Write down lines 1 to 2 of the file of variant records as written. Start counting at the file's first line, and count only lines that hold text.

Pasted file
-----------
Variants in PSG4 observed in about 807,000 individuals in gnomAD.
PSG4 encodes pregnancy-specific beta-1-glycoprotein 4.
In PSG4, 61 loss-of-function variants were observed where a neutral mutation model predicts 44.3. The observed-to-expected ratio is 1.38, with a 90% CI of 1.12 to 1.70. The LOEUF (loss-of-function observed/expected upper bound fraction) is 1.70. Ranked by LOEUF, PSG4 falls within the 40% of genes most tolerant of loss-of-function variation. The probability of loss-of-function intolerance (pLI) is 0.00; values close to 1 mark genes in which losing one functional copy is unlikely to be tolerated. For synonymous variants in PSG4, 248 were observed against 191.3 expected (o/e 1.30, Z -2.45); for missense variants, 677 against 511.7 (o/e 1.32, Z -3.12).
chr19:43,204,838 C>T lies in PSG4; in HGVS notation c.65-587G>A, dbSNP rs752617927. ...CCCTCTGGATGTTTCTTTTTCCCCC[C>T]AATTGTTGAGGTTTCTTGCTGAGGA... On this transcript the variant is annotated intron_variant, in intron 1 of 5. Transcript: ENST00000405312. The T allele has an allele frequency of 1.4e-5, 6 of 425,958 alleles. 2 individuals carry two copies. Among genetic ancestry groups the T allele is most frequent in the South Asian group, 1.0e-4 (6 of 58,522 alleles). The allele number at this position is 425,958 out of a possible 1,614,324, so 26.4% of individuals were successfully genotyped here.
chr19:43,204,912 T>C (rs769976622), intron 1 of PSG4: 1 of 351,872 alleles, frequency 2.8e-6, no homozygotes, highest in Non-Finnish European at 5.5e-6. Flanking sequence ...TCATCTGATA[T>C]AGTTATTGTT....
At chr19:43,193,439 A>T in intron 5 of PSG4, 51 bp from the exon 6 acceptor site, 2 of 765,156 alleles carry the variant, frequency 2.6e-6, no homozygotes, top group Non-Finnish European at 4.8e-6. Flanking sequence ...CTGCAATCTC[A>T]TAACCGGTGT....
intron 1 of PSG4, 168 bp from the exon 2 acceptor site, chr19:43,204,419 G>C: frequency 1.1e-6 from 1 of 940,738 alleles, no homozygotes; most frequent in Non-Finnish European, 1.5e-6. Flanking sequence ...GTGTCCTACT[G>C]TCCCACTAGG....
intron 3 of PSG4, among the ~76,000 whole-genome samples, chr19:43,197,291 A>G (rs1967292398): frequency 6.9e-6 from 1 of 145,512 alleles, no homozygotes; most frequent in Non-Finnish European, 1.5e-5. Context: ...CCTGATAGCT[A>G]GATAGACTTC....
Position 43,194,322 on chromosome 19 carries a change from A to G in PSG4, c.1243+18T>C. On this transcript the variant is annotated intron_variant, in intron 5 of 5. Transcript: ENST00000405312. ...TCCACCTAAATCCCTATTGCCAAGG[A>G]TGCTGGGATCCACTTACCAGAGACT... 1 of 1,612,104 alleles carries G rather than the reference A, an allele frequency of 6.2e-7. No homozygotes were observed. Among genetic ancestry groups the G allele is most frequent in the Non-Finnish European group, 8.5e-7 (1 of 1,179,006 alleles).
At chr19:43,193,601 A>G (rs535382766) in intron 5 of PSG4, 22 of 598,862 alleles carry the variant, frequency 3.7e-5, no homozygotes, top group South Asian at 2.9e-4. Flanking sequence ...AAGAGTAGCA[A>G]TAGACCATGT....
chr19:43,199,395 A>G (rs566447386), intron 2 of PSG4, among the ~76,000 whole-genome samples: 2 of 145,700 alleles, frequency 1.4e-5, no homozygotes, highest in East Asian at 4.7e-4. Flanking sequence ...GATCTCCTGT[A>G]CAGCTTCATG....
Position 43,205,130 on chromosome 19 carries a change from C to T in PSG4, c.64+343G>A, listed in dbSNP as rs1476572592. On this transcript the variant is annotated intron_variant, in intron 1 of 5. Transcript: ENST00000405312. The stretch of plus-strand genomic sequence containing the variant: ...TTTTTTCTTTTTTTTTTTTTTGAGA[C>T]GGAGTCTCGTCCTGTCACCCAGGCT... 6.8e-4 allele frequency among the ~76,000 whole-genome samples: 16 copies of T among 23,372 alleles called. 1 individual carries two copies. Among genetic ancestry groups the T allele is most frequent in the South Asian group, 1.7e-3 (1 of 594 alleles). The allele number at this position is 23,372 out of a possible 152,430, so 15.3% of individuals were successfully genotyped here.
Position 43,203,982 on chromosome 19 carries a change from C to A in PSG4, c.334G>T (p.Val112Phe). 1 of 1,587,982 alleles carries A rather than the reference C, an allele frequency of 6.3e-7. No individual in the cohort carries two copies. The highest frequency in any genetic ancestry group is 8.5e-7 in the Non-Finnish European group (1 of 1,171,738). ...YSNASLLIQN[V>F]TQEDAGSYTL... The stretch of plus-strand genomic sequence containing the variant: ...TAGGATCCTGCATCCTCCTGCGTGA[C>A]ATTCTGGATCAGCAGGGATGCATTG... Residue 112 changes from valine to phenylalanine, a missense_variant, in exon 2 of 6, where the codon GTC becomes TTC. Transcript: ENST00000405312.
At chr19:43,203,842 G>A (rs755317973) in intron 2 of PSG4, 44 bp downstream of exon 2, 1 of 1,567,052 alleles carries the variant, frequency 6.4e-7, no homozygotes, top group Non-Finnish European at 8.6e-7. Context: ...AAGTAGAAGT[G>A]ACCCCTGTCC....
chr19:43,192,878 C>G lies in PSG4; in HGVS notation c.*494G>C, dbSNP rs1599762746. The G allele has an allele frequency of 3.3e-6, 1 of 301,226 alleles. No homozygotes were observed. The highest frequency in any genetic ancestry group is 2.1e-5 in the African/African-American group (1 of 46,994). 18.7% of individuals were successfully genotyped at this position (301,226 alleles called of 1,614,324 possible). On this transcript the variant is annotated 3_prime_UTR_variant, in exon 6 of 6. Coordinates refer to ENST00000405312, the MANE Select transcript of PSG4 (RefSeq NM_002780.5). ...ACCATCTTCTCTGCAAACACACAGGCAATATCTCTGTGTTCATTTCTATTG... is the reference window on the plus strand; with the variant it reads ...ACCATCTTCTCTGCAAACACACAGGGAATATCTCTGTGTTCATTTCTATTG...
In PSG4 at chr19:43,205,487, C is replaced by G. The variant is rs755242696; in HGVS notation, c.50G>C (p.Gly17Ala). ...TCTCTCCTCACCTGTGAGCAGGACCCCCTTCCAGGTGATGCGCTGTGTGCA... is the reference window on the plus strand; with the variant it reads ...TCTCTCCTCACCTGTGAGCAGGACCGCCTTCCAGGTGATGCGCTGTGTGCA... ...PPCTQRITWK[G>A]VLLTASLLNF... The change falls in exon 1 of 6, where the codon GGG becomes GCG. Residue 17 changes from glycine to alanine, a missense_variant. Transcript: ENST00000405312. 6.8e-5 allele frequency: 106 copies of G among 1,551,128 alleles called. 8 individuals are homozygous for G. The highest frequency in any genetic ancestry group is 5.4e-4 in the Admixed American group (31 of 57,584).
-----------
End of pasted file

Variants in PSG4 observed in about 807,000 individuals in gnomAD.
PSG4 encodes pregnancy-specific beta-1-glycoprotein 4.